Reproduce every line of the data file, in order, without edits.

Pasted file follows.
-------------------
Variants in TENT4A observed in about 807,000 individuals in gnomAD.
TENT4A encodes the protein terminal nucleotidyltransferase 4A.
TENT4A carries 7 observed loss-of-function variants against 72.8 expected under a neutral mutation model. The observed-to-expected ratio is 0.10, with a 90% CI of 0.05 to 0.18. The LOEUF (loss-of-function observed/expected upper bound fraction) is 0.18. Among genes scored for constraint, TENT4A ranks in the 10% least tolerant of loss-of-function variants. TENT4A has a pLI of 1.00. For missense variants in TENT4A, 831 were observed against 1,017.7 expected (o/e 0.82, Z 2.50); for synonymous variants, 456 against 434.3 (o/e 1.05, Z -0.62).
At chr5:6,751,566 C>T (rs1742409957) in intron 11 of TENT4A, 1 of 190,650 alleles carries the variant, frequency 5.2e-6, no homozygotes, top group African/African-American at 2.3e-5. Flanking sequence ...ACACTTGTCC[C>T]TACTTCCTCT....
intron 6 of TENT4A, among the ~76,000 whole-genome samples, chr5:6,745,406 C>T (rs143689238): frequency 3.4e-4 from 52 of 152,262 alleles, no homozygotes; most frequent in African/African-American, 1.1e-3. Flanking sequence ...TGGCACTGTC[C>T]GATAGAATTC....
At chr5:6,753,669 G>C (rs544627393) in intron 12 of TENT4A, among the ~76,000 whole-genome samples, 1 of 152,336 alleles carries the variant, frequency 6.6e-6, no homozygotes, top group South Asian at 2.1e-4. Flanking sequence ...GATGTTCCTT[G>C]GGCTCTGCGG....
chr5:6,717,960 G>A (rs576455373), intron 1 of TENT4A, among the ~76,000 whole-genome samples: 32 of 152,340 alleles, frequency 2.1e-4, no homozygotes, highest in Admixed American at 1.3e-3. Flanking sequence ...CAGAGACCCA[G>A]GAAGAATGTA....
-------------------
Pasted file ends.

Variants in TENT4A observed in about 807,000 individuals in gnomAD.
TENT4A encodes the protein terminal nucleotidyltransferase 4A.
TENT4A carries 7 observed loss-of-function variants against 72.8 expected under a neutral mutation model. The observed-to-expected ratio is 0.10, with a 90% CI of 0.05 to 0.18. The LOEUF (loss-of-function observed/expected upper bound fraction) is 0.18. Among genes scored for constraint, TENT4A ranks in the 10% least tolerant of loss-of-function variants. TENT4A has a pLI of 1.00. For missense variants in TENT4A, 831 were observed against 1,017.7 expected (o/e 0.82, Z 2.50); for synonymous variants, 456 against 434.3 (o/e 1.05, Z -0.62).
At chr5:6,751,566 C>T (rs1742409957) in intron 11 of TENT4A, 1 of 190,650 alleles carries the variant, frequency 5.2e-6, no homozygotes, top group African/African-American at 2.3e-5. Flanking sequence ...ACACTTGTCC[C>T]TACTTCCTCT....
intron 6 of TENT4A, among the ~76,000 whole-genome samples, chr5:6,745,406 C>T (rs143689238): frequency 3.4e-4 from 52 of 152,262 alleles, no homozygotes; most frequent in African/African-American, 1.1e-3. Flanking sequence ...TGGCACTGTC[C>T]GATAGAATTC....
At chr5:6,753,669 G>C (rs544627393) in intron 12 of TENT4A, among the ~76,000 whole-genome samples, 1 of 152,336 alleles carries the variant, frequency 6.6e-6, no homozygotes, top group South Asian at 2.1e-4. Flanking sequence ...GATGTTCCTT[G>C]GGCTCTGCGG....
chr5:6,717,960 G>A (rs576455373), intron 1 of TENT4A, among the ~76,000 whole-genome samples: 32 of 152,340 alleles, frequency 2.1e-4, no homozygotes, highest in Admixed American at 1.3e-3. Flanking sequence ...CAGAGACCCA[G>A]GAAGAATGTA....